A donor to Rep. Rashida Tlaib (D-Mich) has been dead for more than a decade, the latest irregularity in the congresswoman’s campaign and time in office.
Tlaib received a $2,500 donation from a George S. Farah Sr. on June 22, according to Federal Election Commission filings.
Public records perused by the Washington Free Beacon show that a man with the same name and living at the same address died on Feb. 1, 2009.
Tlaib is the only federal official to receive a donation in Farah’s name this election cycle but Rep. Dan Kildee (D-Mich.) also received funds in Farah’s name between 2011 and 2017.
— Brent Scher (@BrentScher) July 31, 2019
Farah, a businessman and real estate developer who migrated to the United States from the Palestinian territories in the 1950s, died at age 73 more than a decade ago, reported Mlive.com.
Political donations from dead people do happen but are rare, election lawyers and campaign finance experts previously told the Center for Responsible Politics.
“Any time a contribution is made in the name of a deceased person, it’s potentially problematic,” said Larry Noble, an attorney at D.C. law firm Skadden Arps and former executive director of the center. “Generally, the dead aren’t supposed to give.”
One case that would be legal is an individual establishing a trust and leaving instructions on how to donate in their name.
That’s what happened in the case of Kildee, a representative told the Free Beacon.
“Gisele Farah is the sole beneficiary of a trust in her late husband’s name, George S. Farah Sr., who passed away in 2009,” the Kildee campaign spokesman said.
“Since his death, Gisele Farah, as the sole beneficiary in control of the trust, has contributed to the campaign with funds from her trust. Our campaign’s records have been amended to clarify that the campaign contributions were from Gisele Farah and should be designated under her name.”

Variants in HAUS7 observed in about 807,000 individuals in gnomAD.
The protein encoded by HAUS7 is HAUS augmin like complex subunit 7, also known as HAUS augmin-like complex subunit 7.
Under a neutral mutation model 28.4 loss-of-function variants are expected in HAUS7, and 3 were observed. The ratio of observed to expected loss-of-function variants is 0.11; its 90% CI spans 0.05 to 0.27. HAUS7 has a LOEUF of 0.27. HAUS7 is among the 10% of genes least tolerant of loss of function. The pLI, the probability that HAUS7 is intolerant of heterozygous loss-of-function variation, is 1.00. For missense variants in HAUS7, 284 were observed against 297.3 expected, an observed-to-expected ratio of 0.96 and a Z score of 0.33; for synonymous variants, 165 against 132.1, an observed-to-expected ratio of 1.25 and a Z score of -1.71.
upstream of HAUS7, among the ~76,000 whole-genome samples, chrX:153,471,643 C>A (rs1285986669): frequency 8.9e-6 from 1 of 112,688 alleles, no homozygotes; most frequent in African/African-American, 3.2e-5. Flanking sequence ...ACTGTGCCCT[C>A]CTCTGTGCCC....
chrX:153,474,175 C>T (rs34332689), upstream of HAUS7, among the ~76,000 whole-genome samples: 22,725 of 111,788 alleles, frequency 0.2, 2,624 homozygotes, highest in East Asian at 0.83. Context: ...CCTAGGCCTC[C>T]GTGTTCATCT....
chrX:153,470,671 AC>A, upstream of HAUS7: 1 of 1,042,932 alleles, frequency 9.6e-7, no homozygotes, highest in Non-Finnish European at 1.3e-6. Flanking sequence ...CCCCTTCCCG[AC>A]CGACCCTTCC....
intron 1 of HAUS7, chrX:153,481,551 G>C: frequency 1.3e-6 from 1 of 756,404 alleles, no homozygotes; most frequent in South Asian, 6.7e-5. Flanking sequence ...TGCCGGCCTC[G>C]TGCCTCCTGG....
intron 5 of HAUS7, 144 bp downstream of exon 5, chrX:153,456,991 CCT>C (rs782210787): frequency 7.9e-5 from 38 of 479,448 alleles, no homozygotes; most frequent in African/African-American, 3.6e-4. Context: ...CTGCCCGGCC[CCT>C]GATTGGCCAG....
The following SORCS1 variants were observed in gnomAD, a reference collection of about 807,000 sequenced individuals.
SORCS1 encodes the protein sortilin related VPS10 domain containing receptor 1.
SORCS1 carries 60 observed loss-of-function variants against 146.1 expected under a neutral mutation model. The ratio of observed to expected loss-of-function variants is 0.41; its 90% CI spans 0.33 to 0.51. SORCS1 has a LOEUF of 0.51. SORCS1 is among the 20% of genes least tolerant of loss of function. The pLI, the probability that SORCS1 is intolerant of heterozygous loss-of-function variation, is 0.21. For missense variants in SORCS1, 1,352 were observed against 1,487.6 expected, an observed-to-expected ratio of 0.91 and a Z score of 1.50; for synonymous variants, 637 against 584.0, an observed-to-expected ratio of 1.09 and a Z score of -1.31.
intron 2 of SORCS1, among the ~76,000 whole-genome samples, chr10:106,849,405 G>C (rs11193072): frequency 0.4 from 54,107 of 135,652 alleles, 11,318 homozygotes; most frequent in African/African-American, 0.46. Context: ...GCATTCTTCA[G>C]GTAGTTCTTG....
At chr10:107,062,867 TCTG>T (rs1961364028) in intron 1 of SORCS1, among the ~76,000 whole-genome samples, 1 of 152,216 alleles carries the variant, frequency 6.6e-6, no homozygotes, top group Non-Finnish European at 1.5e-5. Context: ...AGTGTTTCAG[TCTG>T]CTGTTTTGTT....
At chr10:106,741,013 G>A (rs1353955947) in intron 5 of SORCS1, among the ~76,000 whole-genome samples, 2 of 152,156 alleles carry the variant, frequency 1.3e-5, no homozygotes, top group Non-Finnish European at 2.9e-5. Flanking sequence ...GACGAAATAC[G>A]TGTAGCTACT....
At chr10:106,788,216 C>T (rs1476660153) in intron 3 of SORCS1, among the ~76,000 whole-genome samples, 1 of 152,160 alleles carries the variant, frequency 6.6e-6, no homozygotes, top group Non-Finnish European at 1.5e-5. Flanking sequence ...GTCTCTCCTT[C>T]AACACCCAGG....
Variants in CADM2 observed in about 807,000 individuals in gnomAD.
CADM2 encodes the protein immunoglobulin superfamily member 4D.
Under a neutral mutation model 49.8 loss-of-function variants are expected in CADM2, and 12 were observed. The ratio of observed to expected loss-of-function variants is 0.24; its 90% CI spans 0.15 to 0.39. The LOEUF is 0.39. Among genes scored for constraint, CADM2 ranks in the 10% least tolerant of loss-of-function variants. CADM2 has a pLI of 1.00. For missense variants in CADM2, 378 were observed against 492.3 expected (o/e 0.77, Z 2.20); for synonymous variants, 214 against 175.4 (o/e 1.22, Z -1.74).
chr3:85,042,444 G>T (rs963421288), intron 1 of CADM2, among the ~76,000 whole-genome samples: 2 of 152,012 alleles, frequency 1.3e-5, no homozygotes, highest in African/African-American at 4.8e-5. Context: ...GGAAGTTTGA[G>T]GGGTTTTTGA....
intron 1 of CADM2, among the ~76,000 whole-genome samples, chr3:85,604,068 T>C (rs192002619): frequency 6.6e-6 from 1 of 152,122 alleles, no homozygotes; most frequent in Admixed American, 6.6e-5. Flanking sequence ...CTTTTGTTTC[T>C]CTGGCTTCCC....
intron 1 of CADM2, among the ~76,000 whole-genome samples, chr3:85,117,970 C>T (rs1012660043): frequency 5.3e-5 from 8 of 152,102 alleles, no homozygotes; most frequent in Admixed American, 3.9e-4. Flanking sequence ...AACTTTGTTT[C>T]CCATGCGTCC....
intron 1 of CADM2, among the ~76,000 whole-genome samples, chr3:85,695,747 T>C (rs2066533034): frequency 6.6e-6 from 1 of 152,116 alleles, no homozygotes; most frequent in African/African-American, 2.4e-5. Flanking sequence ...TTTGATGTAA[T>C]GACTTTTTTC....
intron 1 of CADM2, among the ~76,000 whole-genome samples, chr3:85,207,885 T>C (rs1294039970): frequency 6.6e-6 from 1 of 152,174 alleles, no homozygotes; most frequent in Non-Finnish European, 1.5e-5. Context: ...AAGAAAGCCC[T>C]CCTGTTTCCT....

Gisele Farah has not commented publicly on the donations.
Tlaib sent a similar statement to the Free Beacon.
“Gisele Farah is the sole beneficiary of a trust in her late husband’s name, George S. Farah Sr., who as you noted passed away in 2009.,” a Tlaib spokesperson said.
“Gisele Farah, as the sole beneficiary in control of the trust, contributed to our campaign with funds from her trust. We will amend our campaign records and filings to clarify that the campaign contribution was from Gisele Farah and should be designated under her name.”
The maximum penalty for making false statements to a federal agency and making illegal campaign contributions from a corporation is five years in prison, and a $250,000 fine, according to the Department of Justice.
Tlaib has been accused of irregularities before.
Her father, Harbi Elabed, said that his daughter lied about where she lived in order to get elected.
Elabed told The Detroit News in 2010 that the house Tlaib swore to have lived in at the time, 9123 Rathbone, Detroit, which was partially owned by him, was not her home.
“She lied,” Elabed said. “She lied big-time to get elected. I never teach her that way. I teach her the right way. It’s my house. She didn’t live there. She lived in Dearborn in her house with her husband and boy.”
Dearborn was not a part of the district that Tlaib was elected to represent. While there’s no law that says a person must spend a particular amount of time at any of their houses, enabling politicians to have multiple houses and spend most of their time outside their district if they wish, perjury is an offense punishable by up to five years in prison and a $1,000 fine.
Tlaib said that her father was wrong.
“People have questioned that a lot, but never my father and I’m sad about that. The point is I complied with the law. I moved into the district before I filed. Period,” she said. She claimed to have bills proving where she lived but never produced them.